I should have been more clear -- "pages and pages" also consist of clearing misunderstanding. Many (if not most) cases are where someone things something has gone missing when in reality, it's still there - maybe it just works differently, or it's been relocated. We have definitely added back a good number of little tweaks and things that people have established solid use cases for. Remember, IP.Board was the end-result of 13 years of adding and adding. There was A LOT that simply was no longer relevant, things that browsers handle on their own now, things that we've found over the years that confuse users and things that frankly, we just didn't feel fit with the direction of the product line moving forward. See, now these types of comments are a little frustrating. Firstly, it is not feasible nor frankly our obligation to give you access to the "big picture." Our job, as a software company, is to parse what our customers, on all levels, are saying and doing and then shape the software in a direction that fits within the needs of as many customers as possible while adhering to our vision of the product as well. We are much different than other companies in that we are very hands on and proactive from a support standpoint. The vast majority of our support comes from our client area, not the support forums - and in many ways, we like and prefer this method. It gives us not only a more personal interaction with our client base, but also allows us the unique opportunity to see how our customers are using the software first-hand. It's not at all unusual for a technician to share with the company an example of a cool thing a customer did with their community -- or a struggle in a support ticket that could be solved with an improvement to the software. We take that, our sales interactions with potential customers, our interaction with our enterprise/managed client base, the feedback from this community and we parse through it, often line item by line item. IPS4 was largely shaped on that very premise. As with anything, there's always room for improvement and while you state there was no open discussion, to the contrary, there's been an immense amount of discussion - one might even argue too much. We had an extensive preview where everyone chimed in. We had private groups of people from all segments representing their respective needs. No, we don't do everything publicly and we won't - what company does? As a consumer, you have to evaluate your own needs, express those needs to the company that you are using or considering using and then determine whether those needs will be met. If not, the beauty of free enterprise is, there's likely other solutions available. We've never claimed to be something for everyone - nor do we desire to be and in fact, one of our goals with IPS4 was to make it less overwhelming for non-power users. All of these "it would only take 5 minutes" settings add up to an overwhelming and confusing experience for novices and the everyday admin. That's not to shut out power-users, of course -- many of the settings only few need have been moved to our constants structure -- so with one simple file edit, you can enable something -- but others who would never use that never have to get confused or overwhelmed by it. Do not confuse not agreeing or not being able to immediately act on a suggestion with not listening. That's all we do -- all day, every day. It's a difficult line between moving forward and keeping things similar and even the big guys struggle with this. Look at the deep division within the user base for something like Windows 8. I like to think we've at least surpassed those expectations.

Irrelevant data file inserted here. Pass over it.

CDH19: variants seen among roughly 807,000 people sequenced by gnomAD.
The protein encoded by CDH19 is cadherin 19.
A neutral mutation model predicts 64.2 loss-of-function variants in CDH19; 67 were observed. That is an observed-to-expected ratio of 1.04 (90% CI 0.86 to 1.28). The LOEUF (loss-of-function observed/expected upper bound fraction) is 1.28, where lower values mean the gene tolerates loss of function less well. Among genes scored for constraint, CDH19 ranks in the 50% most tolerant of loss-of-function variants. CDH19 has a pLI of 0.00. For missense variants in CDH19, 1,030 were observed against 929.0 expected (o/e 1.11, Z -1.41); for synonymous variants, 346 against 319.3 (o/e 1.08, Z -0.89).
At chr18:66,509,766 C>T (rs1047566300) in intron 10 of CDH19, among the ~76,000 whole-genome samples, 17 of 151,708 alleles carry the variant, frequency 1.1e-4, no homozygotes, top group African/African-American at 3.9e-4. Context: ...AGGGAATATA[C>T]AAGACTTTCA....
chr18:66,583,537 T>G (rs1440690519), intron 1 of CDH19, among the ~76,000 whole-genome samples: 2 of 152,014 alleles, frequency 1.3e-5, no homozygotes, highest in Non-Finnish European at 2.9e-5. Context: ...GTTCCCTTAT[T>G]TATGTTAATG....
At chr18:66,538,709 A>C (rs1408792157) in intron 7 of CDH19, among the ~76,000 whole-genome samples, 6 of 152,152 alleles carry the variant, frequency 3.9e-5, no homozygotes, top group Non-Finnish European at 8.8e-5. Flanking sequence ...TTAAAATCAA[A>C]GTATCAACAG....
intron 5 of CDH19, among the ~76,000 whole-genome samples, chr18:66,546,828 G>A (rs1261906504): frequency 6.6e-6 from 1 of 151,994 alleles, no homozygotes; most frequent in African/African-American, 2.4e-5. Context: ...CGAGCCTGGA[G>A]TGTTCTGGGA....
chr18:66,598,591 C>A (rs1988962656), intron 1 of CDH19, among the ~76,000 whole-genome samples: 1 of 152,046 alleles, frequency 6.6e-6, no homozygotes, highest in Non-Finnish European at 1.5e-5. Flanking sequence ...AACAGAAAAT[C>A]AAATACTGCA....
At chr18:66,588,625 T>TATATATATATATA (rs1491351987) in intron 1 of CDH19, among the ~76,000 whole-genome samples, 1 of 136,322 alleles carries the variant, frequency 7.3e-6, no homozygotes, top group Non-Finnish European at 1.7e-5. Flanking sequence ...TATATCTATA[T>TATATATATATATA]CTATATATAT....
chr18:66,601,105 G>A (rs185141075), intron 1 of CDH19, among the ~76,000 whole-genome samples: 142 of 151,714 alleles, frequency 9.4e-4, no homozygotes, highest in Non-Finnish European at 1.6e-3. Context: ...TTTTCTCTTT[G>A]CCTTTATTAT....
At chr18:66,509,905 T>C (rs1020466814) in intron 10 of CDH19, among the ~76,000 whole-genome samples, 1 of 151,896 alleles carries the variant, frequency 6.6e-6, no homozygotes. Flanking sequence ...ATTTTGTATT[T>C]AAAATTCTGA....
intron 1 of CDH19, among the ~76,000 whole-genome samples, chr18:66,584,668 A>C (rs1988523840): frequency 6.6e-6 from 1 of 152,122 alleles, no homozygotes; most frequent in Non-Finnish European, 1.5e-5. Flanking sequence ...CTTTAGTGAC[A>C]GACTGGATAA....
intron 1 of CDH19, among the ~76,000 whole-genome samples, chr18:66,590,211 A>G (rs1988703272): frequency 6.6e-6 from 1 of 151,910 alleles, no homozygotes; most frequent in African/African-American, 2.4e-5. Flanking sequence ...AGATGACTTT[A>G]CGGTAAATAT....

As has been said many times now - IPS4 is starting with a blank slate from the ground up. Some things have been deemed obsolete. Some things benefit so few users they're better left as modifications. Some things are just frankly overlooked. There's pages and pages of examples of things that have already been added back in based on customer feedback. Other things customers have said "you know, this could be done better" and we say "you're right." Naturally, there's also going to be things we simply don't agree on -- not that we don't appreciate and understand the feedback, but rather, you do not have access to the big picture - the incredibly diverse client base we work with and the requirement to represent the best interests of all, not just one small segment. That said, the door isn't necessarily closed on things like this. We have both this and an internal tracker for enhancements. I'll add this for consideration. In the meantime - please stop with the little personal jabs at each other or the topic will be closed for further comment.